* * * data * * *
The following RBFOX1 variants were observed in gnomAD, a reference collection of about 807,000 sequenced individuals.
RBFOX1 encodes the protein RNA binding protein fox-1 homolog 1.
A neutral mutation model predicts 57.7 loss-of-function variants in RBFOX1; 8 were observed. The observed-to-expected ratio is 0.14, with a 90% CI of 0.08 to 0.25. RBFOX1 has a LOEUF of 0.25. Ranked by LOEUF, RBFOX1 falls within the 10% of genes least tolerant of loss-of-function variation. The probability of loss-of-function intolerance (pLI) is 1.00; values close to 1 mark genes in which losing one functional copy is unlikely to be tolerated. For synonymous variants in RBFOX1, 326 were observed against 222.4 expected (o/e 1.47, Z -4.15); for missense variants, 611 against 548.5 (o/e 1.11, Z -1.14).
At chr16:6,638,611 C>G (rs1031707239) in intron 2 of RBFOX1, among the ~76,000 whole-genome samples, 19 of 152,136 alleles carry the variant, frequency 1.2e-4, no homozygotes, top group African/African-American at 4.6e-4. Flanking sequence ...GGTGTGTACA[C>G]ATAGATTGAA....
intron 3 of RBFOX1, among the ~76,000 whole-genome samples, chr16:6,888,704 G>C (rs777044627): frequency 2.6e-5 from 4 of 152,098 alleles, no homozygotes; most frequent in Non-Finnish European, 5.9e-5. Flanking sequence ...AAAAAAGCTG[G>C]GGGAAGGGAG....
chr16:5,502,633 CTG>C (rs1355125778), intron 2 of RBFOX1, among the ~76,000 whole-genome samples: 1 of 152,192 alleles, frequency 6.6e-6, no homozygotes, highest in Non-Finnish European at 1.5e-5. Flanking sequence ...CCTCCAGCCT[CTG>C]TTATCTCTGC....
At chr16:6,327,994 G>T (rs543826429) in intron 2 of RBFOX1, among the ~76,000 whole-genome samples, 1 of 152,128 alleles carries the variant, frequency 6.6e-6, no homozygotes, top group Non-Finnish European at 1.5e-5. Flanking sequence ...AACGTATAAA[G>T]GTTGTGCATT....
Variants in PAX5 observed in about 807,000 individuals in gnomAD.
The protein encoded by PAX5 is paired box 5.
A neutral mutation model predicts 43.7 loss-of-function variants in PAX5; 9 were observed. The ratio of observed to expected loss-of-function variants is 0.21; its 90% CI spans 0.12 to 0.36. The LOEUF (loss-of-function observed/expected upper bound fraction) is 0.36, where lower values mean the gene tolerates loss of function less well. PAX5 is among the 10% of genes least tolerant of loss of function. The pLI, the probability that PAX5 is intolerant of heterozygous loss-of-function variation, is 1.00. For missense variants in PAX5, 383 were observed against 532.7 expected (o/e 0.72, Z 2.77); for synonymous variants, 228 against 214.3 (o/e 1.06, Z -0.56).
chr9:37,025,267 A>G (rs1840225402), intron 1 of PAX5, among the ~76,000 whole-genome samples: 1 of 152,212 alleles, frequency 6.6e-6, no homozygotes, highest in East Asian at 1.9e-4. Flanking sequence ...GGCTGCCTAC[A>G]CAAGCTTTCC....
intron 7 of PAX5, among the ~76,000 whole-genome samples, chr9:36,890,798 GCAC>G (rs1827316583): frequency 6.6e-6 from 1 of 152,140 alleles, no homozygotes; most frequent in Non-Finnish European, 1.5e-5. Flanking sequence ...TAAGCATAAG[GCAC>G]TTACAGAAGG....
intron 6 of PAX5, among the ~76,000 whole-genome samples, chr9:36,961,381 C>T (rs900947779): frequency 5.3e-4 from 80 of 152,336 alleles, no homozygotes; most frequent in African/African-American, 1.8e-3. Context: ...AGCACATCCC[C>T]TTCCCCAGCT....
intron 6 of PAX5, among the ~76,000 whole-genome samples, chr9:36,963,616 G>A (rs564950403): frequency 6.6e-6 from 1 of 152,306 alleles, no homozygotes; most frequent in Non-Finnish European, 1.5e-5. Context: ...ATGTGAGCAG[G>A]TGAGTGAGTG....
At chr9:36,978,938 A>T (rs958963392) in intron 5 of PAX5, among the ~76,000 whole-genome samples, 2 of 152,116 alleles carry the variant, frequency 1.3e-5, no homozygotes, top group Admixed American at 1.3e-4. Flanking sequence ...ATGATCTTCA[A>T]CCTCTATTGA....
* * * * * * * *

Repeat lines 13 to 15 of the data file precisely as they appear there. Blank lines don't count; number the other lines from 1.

intron 6 of PAX5, among the ~76,000 whole-genome samples, chr9:36,961,381 C>T (rs900947779): frequency 5.3e-4 from 80 of 152,336 alleles, no homozygotes; most frequent in African/African-American, 1.8e-3. Context: ...AGCACATCCC[C>T]TTCCCCAGCT....
intron 6 of PAX5, among the ~76,000 whole-genome samples, chr9:36,963,616 G>A (rs564950403): frequency 6.6e-6 from 1 of 152,306 alleles, no homozygotes; most frequent in Non-Finnish European, 1.5e-5. Context: ...ATGTGAGCAG[G>A]TGAGTGAGTG....
At chr9:36,978,938 A>T (rs958963392) in intron 5 of PAX5, among the ~76,000 whole-genome samples, 2 of 152,116 alleles carry the variant, frequency 1.3e-5, no homozygotes, top group Admixed American at 1.3e-4. Flanking sequence ...ATGATCTTCA[A>T]CCTCTATTGA....